691 F2d 45 Prolerized New England Company Cna v. D Miller

691 F.2d 45

PROLERIZED NEW ENGLAND COMPANY, and CNA Insurance Company, Petitioners,
Calvin D. MILLER, Benefits Review Board, United States
Department of Labor, and Director, Office of
Workers' Compensation Programs, United
States Department of Labor, Respondents.

No. 82-1209.

United States Court of Appeals,
First Circuit.

Argued Sept. 14, 1982.
Decided Oct. 12, 1982.

David M. Mandel, Boston, Mass., with whom Richard P. Ward, Ropes & Gray, Terrance J. Hamilton, and Chaplin, Casner & Edwards, Boston, Mass., were on brief, for petitioners.

Joshua T. Gillelan, II, Atty., U. S. Dept. of Labor, Washington, D. C., with whom T. Timothy Ryan, Jr., Sol. of Labor, and Donald S. Shire, Associate Sol., Washington, D. C., were on brief, for respondent Director, Office of Workers' Compensation Programs.

Before DAVIS*, CAMPBELL and BOWNES, Circuit Judges.

BOWNES, Circuit Judge.

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This is a proceeding brought by Prolerized New England Company and CNA Insurance Company (hereinafter jointly Prolerized) pursuant to 33 U.S.C. § 921(c) of the Longshoremen's and Harbor Workers' Compensation Act (the Act) to review a decision of the Benefits Review Board, Miller v. Prolerized New England Co., 14 Ben.Rev.Bd.Serv. (MB) 811 (1981). The Board's decision affirmed the administrative law judge's (ALJ) finding that the claimant was covered under 33 U.S.C. § 902(3).1 Prolerized stipulated that its facility was a covered "situs" within the meaning of 33 U.S.C. § 903(a).2 The sole issue, therefore, is whether the "status" determination of the Board was correct. This hinges on whether a prior opinion of the Board concerning the same employer and subsequently affirmed by us is controlling precedent. We agree with the ALJ and the Board that Prolerized New England Company v. Benefits Review Board and Richard F. McNeil, 637 F.2d 30 (1st Cir. 1980), cert. denied, 452 U.S. 938, 101 S.Ct. 3080, 69 L.Ed.2d 952 (1981) (hereinafter McNeil), requires a finding that the claimant here was covered under the Act.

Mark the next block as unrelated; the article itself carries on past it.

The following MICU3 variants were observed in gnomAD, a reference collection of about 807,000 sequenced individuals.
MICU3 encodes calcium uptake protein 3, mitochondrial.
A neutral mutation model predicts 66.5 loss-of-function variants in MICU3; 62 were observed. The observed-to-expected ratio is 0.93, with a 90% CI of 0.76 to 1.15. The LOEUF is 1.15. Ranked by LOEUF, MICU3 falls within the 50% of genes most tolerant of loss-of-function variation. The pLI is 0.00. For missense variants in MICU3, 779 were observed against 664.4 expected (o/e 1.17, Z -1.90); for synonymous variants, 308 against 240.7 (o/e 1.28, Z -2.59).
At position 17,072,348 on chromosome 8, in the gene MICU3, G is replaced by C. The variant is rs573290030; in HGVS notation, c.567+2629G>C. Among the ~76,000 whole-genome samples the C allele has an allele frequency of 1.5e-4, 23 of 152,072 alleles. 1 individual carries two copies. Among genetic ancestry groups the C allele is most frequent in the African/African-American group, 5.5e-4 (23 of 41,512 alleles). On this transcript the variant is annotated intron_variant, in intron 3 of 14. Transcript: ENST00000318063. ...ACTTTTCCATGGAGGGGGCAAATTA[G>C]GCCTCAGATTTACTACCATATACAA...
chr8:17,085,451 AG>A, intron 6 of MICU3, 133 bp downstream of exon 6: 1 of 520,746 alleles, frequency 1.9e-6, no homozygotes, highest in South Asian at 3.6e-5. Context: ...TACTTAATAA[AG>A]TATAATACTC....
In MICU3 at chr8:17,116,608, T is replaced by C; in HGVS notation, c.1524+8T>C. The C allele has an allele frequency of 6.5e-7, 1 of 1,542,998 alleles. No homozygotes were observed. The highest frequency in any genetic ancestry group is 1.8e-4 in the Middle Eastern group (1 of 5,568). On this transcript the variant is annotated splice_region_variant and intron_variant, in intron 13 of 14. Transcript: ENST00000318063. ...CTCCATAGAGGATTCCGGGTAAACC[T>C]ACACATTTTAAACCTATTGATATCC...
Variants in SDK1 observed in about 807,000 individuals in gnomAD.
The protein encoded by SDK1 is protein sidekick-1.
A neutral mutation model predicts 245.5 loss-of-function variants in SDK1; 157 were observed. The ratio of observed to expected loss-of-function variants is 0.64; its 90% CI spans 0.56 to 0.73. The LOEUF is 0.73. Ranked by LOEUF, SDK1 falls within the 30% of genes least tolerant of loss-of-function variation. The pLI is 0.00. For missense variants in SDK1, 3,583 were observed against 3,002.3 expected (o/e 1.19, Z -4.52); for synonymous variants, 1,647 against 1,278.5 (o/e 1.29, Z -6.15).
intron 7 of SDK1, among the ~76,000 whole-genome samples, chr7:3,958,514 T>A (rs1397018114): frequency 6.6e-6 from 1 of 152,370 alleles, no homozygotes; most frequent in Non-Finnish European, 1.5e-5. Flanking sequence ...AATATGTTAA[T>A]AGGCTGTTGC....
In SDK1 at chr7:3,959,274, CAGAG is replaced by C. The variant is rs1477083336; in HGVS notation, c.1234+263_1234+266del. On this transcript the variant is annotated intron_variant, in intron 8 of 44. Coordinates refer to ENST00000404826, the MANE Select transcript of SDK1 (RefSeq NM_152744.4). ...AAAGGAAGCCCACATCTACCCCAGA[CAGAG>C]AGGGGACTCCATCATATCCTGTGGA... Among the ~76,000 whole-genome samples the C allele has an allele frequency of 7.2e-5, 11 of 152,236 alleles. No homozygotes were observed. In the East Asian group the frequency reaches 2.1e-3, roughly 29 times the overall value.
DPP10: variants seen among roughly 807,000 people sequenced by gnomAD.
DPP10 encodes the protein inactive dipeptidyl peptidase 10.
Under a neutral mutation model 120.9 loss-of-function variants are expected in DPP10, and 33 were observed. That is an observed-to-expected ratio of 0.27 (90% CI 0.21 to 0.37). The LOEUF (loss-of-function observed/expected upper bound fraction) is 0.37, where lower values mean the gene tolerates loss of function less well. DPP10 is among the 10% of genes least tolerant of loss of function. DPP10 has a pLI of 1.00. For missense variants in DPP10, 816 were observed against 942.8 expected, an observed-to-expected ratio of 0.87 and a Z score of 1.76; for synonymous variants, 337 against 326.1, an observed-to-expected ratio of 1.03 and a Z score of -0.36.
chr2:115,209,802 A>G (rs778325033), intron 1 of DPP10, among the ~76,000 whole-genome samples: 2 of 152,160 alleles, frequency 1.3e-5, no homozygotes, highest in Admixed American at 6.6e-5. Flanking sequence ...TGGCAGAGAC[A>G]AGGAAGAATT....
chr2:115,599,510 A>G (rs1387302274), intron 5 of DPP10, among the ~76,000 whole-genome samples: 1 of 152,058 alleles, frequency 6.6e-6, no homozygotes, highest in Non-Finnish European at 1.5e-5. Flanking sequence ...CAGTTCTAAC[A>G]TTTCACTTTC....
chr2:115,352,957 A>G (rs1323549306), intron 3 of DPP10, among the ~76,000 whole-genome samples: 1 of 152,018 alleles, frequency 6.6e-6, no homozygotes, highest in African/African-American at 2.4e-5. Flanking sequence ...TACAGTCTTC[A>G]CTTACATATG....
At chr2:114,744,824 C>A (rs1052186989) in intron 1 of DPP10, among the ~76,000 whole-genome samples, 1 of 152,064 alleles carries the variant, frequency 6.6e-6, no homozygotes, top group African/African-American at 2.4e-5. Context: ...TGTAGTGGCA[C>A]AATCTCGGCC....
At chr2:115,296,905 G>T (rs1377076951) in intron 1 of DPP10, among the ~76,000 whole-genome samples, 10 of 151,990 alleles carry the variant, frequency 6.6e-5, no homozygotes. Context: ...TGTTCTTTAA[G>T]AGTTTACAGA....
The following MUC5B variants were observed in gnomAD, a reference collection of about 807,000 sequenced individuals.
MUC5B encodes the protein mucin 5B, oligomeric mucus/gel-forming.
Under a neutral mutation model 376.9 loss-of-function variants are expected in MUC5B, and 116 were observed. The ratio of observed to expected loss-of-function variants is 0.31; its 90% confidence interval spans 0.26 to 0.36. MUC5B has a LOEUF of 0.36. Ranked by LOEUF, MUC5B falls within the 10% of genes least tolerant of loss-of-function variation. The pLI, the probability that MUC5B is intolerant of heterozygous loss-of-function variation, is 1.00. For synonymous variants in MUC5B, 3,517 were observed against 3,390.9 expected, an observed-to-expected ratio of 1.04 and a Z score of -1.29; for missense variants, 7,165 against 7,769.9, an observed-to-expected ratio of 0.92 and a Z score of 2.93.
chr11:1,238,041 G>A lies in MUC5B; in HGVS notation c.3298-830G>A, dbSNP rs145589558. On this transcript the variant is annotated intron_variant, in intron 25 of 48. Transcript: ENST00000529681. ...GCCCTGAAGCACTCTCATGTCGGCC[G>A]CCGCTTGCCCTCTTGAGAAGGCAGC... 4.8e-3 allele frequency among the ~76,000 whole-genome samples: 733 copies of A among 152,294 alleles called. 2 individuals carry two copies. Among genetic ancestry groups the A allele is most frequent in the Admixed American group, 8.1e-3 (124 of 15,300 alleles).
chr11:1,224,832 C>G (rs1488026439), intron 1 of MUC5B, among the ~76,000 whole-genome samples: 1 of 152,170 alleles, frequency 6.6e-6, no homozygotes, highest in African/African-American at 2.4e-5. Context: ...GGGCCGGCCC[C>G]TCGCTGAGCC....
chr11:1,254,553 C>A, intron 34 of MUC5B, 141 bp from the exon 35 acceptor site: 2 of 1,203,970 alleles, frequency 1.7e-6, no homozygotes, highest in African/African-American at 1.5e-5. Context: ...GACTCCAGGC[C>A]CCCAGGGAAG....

A full description of Prolerized's operations is set forth in McNeil, 637 F.2d at 33-34, and need only be summarized here. Prolerized processes and sells scrap metal. The product is loaded aboard ships moored at Prolerized's dock by equipment owned, maintained, and operated by Prolerized. The operations start with the delivery of scrap metal to Prolerized's plant. The bulky material consisting of junked cars, discarded appliances, and similar items go to the "Prolo Mill." There they are reduced to fist-sized chunks of metal called "prolo." The prolo is moved from the mill by means of a conveyor belt to a radial stacker which deposits it in piles in a large yard. Bulldozers then push the prolo onto the "shiploader," another conveyor which deposits it into the holds of the ships being loaded.


The nonbulky scrap (about 40% of the raw material) consisting of large pieces of steel goes to the "Shear," a machine which cuts the steel into short lengths of four feet or less. This product is stockpiled and then moved by truck to the dock where it is loaded by gantry cranes into the waiting ships.


A comparison of McNeil's duties and that of the claimant here, Calvin D. Miller, is the first step in our analysis.